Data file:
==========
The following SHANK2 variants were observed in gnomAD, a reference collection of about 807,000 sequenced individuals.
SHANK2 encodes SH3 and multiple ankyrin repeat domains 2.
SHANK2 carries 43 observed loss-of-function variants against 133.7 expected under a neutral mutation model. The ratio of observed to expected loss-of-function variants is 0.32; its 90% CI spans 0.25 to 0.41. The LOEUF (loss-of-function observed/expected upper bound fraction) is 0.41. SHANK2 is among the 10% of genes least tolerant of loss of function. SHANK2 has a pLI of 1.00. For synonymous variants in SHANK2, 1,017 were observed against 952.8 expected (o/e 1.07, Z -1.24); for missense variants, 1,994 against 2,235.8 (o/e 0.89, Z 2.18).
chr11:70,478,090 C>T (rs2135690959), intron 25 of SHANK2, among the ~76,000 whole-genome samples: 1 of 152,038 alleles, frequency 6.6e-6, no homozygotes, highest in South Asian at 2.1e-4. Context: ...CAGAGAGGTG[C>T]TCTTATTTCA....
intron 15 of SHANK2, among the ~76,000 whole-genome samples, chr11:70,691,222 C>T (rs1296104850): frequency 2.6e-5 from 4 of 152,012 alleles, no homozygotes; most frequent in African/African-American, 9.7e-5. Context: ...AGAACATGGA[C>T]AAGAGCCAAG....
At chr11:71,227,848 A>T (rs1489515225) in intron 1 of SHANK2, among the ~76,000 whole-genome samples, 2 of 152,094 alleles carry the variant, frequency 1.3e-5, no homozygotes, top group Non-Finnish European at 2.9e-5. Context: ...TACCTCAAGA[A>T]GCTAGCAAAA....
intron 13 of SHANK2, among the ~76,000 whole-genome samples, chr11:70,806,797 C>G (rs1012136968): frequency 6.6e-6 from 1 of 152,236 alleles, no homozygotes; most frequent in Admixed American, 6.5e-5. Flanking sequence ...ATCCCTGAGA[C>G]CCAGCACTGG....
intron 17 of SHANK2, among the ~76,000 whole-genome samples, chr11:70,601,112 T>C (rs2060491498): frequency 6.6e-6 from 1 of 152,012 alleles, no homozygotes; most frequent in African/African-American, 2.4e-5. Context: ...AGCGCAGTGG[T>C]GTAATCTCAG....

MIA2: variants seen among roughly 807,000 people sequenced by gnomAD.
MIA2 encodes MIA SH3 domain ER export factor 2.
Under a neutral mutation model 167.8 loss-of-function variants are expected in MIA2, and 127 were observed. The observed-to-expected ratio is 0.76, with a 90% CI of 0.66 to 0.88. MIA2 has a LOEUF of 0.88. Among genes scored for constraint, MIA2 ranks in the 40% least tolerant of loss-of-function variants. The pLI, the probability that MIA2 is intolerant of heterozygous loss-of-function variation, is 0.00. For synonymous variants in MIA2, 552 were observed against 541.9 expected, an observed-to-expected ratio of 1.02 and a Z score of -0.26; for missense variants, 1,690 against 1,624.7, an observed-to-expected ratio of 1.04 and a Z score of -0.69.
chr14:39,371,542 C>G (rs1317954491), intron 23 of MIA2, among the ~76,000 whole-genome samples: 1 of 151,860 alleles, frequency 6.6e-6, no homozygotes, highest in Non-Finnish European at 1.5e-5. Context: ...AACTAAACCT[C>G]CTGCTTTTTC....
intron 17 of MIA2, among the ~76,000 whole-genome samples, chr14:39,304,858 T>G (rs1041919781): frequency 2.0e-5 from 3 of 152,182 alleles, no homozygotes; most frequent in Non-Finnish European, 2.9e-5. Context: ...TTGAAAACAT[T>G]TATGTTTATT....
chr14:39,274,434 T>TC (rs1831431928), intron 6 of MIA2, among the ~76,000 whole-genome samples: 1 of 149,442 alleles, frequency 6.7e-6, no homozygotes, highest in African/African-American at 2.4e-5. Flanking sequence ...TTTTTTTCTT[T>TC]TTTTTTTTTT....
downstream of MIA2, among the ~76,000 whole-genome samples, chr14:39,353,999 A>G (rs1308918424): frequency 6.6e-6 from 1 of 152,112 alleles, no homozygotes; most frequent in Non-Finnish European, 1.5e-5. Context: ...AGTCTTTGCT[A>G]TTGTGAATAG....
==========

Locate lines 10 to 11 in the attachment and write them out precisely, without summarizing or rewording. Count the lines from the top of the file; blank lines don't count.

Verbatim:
MIA2 encodes MIA SH3 domain ER export factor 2.
Under a neutral mutation model 167.8 loss-of-function variants are expected in MIA2, and 127 were observed. The observed-to-expected ratio is 0.76, with a 90% CI of 0.66 to 0.88. MIA2 has a LOEUF of 0.88. Among genes scored for constraint, MIA2 ranks in the 40% least tolerant of loss-of-function variants. The pLI, the probability that MIA2 is intolerant of heterozygous loss-of-function variation, is 0.00. For synonymous variants in MIA2, 552 were observed against 541.9 expected, an observed-to-expected ratio of 1.02 and a Z score of -0.26; for missense variants, 1,690 against 1,624.7, an observed-to-expected ratio of 1.04 and a Z score of -0.69.